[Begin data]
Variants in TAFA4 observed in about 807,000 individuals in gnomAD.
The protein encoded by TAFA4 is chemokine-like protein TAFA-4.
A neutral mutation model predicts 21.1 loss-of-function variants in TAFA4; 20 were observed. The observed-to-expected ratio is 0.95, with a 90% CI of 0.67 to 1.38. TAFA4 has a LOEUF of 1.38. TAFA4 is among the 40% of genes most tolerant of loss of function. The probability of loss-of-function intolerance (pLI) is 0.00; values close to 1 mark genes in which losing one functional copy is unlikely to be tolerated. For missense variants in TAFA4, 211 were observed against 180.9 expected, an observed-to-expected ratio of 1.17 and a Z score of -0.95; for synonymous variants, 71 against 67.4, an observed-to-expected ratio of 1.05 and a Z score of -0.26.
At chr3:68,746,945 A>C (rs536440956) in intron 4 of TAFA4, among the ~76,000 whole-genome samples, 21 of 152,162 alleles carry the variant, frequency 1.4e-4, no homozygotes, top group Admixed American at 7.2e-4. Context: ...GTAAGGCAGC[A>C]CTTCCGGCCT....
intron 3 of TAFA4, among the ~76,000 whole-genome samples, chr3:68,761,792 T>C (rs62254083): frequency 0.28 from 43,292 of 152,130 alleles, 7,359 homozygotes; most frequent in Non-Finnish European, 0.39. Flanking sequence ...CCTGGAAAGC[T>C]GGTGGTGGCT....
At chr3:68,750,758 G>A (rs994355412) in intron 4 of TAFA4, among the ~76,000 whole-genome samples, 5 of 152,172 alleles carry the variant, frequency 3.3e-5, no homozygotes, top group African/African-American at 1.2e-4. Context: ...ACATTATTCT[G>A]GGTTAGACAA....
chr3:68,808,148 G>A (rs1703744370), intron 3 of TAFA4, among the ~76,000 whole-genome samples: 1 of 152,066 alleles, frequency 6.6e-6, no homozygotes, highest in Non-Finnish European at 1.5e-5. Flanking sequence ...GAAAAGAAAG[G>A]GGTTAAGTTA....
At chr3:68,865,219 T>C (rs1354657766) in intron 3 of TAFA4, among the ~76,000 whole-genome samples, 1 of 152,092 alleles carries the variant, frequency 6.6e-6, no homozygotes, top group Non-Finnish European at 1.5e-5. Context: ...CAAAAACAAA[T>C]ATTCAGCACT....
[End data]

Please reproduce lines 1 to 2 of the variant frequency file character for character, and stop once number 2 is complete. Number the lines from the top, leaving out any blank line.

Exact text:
Variants in TAFA4 observed in about 807,000 individuals in gnomAD.
The protein encoded by TAFA4 is chemokine-like protein TAFA-4.